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Jo Mackenzie: Back to the grind after summer holiday break

Jo Mackenzie
Jo Mackenzie

Somewhat unexpectedly, the summer holidays have flown by.

We have had a fun-packed seven weeks and for the main, amazing weather to boot.

The amount of time we’ve spent outdoors this summer has reminded me how lucky we are to live in this beautiful part of the world with sandy beaches, sprawling forests, historic castles, natural playparks and abundant wildlife all on our doorstep.

One weekend spent on the east coast, we enjoyed a falconry display in the beautiful gardens of Dunrobin Castle; a peregrine falcon flying literally millimetres above our heads eliciting gasps of amazement from our girls (along with the rest of the rapt audience).

We also watched powerful salmon leap upstream at the Falls of Shin before having a particularly enjoyable family walks in the nearby woodland. There was so much to see and do on the short circular route from picking wild raspberries and blacberries to spotting animal wood carvings as well as forest ‘games’ with hoops to throw over wooden posts, slides made from agricultural tubing and a timber agility course.

Then there has been the usual vibrant cycle of town galas and village fetes, traditional Highland Games all across the region as well as big agricultural shows and music festivals.

It’ll be a shock to the system getting back into the school routine again, but Daisy is ready for it and Mollie and I will return to our weekly classes and resume the local toddler group with our friends.

We are hoping that the processing arm of the business here on the farm will also return to some sort of normality with the end of the summer holidays.

The volume of ice cream sales – along with the milk and yoghurt – has been phenomenal this year and clearly it is a good complaint to be as busy as we’ve been over the past four months, but struggling to keep up with demand has been stressful at times.

And none more so than when the ice cream machine packed up right in the middle of show week.

The first week of August is when we set up shop at two local summer events – the Black Isle Show and the Highland Field Sports Fair at Moy – for four days.

On the second day of the Black Isle Show, the sun was shining and the queue was 50-deep when Nick got a call from the farm to report the break down.

This key piece of equipment has been working around the clock all summer and luckily, with a little tinkering, it kept going for the rest of our busy week of shows, albeit at half-speed.

It wasn’t long before it broke down entirely though and unfortunately for us, the Italian company – where the necessary spare parts come from – also shuts down for the entire month of August (trades fortnight’ Italian-style!).

Fortuitously, Nick had bought a second-hand ice cream maker a few months ago from a fellow food producer exiting the gelato business.

He intended to add it to the production kitchen but the electricity fuse board wasn’t sufficient to accommodate it at the time.

The shows may have finished but trade orders still had to be fulfilled and the honesty shop stocked, so our electrician was called and the new-to-us gelato maker put to work.

Things are now back on track and the original ice cream machine will be resurrected sometime next month, we hope.

Elsewhere on the farm, Nick has added a further 16 Ayrshire heifers to the Rootfield herd in a bid to increase the proportion of Ayrshires in it.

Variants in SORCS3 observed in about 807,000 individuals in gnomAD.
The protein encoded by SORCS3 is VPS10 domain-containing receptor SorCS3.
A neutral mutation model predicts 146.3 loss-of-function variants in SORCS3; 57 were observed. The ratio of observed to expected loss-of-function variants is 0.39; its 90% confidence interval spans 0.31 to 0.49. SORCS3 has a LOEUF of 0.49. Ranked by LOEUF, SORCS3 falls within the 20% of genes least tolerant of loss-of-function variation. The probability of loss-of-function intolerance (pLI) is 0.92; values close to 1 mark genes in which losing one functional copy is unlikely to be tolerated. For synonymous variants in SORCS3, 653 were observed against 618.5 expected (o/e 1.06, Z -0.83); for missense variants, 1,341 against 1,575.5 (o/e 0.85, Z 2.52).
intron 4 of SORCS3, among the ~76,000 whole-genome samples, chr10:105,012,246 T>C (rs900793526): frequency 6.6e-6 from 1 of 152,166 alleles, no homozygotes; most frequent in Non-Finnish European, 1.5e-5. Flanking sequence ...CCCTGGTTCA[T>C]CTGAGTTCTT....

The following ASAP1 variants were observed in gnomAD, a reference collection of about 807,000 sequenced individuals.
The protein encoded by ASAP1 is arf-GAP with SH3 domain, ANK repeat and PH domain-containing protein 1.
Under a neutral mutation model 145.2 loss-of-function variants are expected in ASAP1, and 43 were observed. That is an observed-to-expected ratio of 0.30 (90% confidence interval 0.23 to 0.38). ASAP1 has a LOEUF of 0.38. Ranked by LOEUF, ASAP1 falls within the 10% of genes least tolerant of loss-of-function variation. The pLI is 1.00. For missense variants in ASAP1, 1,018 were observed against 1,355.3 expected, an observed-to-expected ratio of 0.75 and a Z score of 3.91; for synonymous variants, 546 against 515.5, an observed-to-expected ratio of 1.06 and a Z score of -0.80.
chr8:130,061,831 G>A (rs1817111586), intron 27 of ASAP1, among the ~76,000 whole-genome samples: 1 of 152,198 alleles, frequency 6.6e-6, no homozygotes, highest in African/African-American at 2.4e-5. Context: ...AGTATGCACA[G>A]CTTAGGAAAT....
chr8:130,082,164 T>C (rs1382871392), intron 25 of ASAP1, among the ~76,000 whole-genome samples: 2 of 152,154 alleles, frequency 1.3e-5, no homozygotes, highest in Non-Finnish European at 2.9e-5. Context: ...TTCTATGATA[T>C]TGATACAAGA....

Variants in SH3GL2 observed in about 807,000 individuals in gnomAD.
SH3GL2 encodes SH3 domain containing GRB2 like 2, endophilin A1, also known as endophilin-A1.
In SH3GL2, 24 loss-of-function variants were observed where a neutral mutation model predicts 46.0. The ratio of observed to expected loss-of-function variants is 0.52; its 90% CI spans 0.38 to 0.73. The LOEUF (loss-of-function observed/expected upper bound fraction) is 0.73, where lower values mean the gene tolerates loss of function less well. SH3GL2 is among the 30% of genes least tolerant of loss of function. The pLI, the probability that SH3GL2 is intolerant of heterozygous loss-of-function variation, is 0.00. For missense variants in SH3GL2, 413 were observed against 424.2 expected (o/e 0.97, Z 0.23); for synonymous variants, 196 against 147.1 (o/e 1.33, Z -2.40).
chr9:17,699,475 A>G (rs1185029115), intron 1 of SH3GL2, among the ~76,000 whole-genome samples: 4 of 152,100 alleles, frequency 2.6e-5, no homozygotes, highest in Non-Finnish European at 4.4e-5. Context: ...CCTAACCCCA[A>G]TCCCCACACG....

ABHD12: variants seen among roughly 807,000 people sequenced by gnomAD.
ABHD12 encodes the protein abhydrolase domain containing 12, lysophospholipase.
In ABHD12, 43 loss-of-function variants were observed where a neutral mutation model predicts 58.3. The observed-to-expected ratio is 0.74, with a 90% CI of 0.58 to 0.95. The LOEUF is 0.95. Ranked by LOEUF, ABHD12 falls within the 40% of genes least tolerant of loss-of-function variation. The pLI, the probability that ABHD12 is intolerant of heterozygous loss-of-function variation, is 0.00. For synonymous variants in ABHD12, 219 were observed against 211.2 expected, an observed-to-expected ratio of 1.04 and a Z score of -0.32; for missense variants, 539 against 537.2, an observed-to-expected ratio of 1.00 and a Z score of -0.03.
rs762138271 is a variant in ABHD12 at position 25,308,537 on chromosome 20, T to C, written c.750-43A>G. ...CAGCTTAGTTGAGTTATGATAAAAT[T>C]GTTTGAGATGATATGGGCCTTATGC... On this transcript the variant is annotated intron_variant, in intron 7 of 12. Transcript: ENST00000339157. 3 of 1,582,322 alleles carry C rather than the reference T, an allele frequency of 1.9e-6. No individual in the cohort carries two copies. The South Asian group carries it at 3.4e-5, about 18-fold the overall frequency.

Taking advantage of a herd dispersal, one of the oldest registered pedigreed Ayrshire herds in the country, nine of the cows Nick bought were already in-calf and the remaining seven are of bulling age.

As written about previously, Nick’s principal client – Rory Stone of Highland Fine Cheeses in Tain, who buys 90% of the farm’s milk – has a preference for Ayrshire milk due to its excellent constituents for cheese-making.

Clearly, this was Nick’s primary reason for increasing the number of Ayrshires in the herd but at the same time, it addressed another concern, namely that he is currently short of cows in the Rootfield herd.

This is due to the high incidence of male calves born in the past two years and was also what attracted him to the in-calf heifers from the recent dispersal.

From me and the girls’ somewhat simpler perspective, it’s lovely to see the cows, new and old, out in the fields behind our garden at the moment, all different shapes, sizes and colours – the dinky, nosey Jerseys; the tall, angular black and white Holstein-Friesians and the traditional, dappled chestnut-brown and white Ayrshires.

That said, two of the new Ayrshires are black with speckled white coats, which we’ve never seen before.

We love to watch them frolic about as they get to know their new bovine buddies and see which cows are bold enough to visit us at the garden fence; some get close but the cheeky Jerseys usually nudge their way to the front.

At least the grass is starting to look lush and green again for them thanks to the recent rainfall.

Happily, Nick managed to get almost two thirds of his silage pit full with his second cut silage at the end of July and because the grass is growing again, is planning a third cut.

Other farm work just now includes reviewing the winter ration to try and control escalating feed costs and the sheds are being cleared out and cleaned down in preparation for harvest later this month.

NEXT MONTH: preparing for Autumn

* Rootfield Farm is on the Black Isle, 10 miles north of Inverness, where Jo lives with husband Nick, a fourth-generation dairy farmer, their daughters Daisy and Mollie, and 170 cows.

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